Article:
LANSING, Mich. - A Michigan dealership must defend itself against a fired salesman's wrongful discharge suit, the state Court of Appeals has ruled.
In a unanimous decision, the court reinstated Norman Hammett's wrongful termination claim against Ross Moody Chevrolet Inc. of Lapeer.
However, the court ruled in favor of the dealership on an age discrimination claim.
A Lapeer County Circuit Court judge had dismissed both allegations without trial.
The appeals court said a trial is necessary to determine if a former owner of the dealership had promised in 1983 not to discharge Hammett without just cause and, if so, whether there was a legitimate reason for terminating him a decade later.
It found insufficient the dealership's argument that the former owner would never have made such a pledge to any employee.
But the three-judge appellate panel also said Hammett failed to show a valid basis for his age discrimination assertion, or to demonstrate that age was a 'determining factor' in the firing.
It cited evidence that the dealership had detailed 15 'performance deficiencies' dating back to September 1993, and that Hammett did not dispute any of them. He did offer evidence of correcting 11 of the problems before his discharge.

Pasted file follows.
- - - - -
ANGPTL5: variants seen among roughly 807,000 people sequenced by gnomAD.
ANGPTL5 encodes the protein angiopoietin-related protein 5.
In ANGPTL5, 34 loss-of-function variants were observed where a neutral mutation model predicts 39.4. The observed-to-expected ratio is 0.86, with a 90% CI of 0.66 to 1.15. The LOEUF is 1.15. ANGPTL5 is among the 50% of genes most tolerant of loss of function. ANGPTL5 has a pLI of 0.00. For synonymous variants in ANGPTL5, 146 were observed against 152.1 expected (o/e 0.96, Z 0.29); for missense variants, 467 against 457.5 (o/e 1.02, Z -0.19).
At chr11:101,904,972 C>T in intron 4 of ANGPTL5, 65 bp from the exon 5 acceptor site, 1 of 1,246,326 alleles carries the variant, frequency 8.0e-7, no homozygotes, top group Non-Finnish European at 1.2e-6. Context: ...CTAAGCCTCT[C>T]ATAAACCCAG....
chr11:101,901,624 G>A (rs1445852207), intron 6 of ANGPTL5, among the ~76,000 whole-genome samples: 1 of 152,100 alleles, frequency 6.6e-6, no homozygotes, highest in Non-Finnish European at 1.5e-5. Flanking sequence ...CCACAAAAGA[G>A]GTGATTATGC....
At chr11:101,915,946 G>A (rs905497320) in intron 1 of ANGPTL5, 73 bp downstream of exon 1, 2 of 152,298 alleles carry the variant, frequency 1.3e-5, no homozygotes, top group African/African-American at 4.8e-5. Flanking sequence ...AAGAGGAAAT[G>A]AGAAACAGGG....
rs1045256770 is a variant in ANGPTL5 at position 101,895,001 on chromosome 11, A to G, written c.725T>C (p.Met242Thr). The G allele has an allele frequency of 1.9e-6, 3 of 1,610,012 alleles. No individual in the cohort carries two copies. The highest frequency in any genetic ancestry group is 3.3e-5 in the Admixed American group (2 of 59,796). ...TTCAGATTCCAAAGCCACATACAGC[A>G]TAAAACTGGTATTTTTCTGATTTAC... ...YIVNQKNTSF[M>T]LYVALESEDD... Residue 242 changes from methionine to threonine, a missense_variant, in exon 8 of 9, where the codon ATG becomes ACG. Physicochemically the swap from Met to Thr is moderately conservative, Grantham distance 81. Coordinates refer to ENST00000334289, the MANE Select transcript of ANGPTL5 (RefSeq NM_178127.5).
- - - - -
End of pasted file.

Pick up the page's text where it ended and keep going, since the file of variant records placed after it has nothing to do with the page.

'Even assuming that to be true, we find nothing in the record to suggest that his admitted failure to correct the remaining four deficiencies was not sufficient legitimate grounds for his discharge,' the court said in its May 6 decision.
Nor was it enough merely to 'make progress' toward correcting the remaining deficiencies, it said.
The court called it irrelevant that Hammett perceived that the dealership 'generally sought to replace older employees with younger ones as a matter of policy.'
And it said Hammett had misinterpreted a statement allegedly made by the dealership's business manager after the termination that Hammett was not a manager 'for the '90s.'
Hammett's lawyer, Glen Lenhoff of Flint, Mich., said the suit seeks monetary damages but not reinstatement.
The dealership's lawyer, Norman Christopherson of Flint, said he could not discuss the case or the decision.